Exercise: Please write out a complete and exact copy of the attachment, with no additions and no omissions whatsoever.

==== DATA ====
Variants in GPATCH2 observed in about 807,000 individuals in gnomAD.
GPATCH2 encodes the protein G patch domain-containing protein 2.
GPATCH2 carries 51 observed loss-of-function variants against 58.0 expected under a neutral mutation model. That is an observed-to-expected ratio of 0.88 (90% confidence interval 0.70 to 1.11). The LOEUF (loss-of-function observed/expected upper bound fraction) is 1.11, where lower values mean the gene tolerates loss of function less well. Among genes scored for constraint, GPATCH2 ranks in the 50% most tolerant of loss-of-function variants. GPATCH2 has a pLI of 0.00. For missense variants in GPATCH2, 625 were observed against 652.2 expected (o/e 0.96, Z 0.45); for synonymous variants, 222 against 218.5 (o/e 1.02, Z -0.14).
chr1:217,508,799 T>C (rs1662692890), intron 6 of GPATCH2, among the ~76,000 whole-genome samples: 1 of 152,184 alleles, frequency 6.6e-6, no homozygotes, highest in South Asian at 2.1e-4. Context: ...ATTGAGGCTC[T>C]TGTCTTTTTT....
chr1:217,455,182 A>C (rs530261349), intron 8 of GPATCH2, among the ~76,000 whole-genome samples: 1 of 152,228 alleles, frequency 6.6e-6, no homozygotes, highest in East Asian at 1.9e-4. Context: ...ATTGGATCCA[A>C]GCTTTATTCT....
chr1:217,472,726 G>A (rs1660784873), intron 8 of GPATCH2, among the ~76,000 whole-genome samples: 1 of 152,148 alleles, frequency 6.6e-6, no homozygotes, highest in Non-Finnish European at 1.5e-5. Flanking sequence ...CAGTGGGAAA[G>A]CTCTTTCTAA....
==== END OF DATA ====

Variants in GPATCH2 observed in about 807,000 individuals in gnomAD.
GPATCH2 encodes the protein G patch domain-containing protein 2.
GPATCH2 carries 51 observed loss-of-function variants against 58.0 expected under a neutral mutation model. That is an observed-to-expected ratio of 0.88 (90% confidence interval 0.70 to 1.11). The LOEUF (loss-of-function observed/expected upper bound fraction) is 1.11, where lower values mean the gene tolerates loss of function less well. Among genes scored for constraint, GPATCH2 ranks in the 50% most tolerant of loss-of-function variants. GPATCH2 has a pLI of 0.00. For missense variants in GPATCH2, 625 were observed against 652.2 expected (o/e 0.96, Z 0.45); for synonymous variants, 222 against 218.5 (o/e 1.02, Z -0.14).
chr1:217,508,799 T>C (rs1662692890), intron 6 of GPATCH2, among the ~76,000 whole-genome samples: 1 of 152,184 alleles, frequency 6.6e-6, no homozygotes, highest in South Asian at 2.1e-4. Context: ...ATTGAGGCTC[T>C]TGTCTTTTTT....
chr1:217,455,182 A>C (rs530261349), intron 8 of GPATCH2, among the ~76,000 whole-genome samples: 1 of 152,228 alleles, frequency 6.6e-6, no homozygotes, highest in East Asian at 1.9e-4. Context: ...ATTGGATCCA[A>C]GCTTTATTCT....
chr1:217,472,726 G>A (rs1660784873), intron 8 of GPATCH2, among the ~76,000 whole-genome samples: 1 of 152,148 alleles, frequency 6.6e-6, no homozygotes, highest in Non-Finnish European at 1.5e-5. Flanking sequence ...CAGTGGGAAA[G>A]CTCTTTCTAA....